Monday, January 16, 2006

First Katrina, Now the Lawsuits

There are lawsuits of every type imaginable pending in Louisiana...and few juries available to hear them.

I found these two paragraphs near the conclusion of USA Today's article rather strange:

"...a disproportionate number of residents who've returned to the city are white. Does that mean juries will be less willing to award damages than pre-Katrina juries, which were so reliably sympathetic to plaintiffs in Orleans Parish that courts there became a haven for personal injury lawsuits?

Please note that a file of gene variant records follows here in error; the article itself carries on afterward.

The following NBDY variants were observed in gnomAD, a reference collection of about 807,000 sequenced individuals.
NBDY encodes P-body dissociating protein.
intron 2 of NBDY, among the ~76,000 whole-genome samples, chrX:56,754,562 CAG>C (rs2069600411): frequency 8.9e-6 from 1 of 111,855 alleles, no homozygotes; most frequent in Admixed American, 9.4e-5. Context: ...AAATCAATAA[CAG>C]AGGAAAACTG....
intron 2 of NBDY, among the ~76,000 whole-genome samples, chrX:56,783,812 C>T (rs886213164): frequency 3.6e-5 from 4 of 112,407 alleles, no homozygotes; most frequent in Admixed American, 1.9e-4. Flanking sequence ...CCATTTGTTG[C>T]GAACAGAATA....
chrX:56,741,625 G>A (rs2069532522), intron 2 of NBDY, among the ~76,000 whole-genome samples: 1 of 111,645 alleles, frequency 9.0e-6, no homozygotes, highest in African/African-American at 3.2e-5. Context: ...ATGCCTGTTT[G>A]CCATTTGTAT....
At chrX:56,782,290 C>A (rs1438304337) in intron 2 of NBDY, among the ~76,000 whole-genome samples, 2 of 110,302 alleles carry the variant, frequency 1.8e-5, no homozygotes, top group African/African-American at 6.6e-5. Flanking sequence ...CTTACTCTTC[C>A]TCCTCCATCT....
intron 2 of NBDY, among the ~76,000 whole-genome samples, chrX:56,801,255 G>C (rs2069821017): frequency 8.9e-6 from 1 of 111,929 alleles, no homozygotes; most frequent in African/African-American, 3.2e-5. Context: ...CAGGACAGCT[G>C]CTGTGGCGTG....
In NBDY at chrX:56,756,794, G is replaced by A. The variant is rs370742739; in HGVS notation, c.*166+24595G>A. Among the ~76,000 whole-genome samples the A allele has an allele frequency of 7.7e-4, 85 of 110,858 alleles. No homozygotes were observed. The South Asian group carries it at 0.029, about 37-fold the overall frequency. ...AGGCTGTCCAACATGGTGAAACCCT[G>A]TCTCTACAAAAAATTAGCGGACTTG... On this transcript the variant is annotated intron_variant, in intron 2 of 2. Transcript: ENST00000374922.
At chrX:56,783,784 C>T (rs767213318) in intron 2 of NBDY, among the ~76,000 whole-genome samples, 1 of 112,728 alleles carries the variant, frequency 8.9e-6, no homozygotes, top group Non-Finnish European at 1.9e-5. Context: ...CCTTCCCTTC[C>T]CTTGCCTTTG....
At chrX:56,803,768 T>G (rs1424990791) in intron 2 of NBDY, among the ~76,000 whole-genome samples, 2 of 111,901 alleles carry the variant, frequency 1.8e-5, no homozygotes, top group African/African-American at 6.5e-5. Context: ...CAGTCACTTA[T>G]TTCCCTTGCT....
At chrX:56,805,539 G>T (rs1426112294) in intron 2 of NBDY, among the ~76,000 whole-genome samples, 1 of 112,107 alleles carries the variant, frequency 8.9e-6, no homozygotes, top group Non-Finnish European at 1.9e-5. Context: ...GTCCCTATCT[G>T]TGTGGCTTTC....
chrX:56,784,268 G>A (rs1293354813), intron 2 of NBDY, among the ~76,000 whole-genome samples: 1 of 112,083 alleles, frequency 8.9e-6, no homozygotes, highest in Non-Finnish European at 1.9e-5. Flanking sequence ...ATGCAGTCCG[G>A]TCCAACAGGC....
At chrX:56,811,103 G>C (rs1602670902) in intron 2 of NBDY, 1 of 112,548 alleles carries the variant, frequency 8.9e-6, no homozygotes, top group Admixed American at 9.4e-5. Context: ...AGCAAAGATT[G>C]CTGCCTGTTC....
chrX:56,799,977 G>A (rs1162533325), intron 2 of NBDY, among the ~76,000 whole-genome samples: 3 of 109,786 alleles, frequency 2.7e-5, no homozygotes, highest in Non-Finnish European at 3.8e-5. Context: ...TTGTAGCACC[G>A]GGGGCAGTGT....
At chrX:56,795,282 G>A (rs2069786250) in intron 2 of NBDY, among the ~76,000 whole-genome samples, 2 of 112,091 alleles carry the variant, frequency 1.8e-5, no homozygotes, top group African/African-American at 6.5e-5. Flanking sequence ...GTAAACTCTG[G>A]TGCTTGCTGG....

"No one is sure. There is a sense of catastrophe, and now abandonment, among Katrina survivors that cuts across race, class and politics..."

The author goes on to conclude in a final paragraph that claims aren't being handled, but the paragraphing is such that this reads, to me, as though part of the catastrophe is that demographic changes may mean plaintiffs may no longer reliably receive damages. Perhaps it is simply unfortunate wording, or perhaps, given some of what we know about Louisiana, that's what the writer actually meant.

In any event, it doesn't sound as though it would be a bad thing if Orleans Parish were no longer "a haven for personal injury lawsuits."


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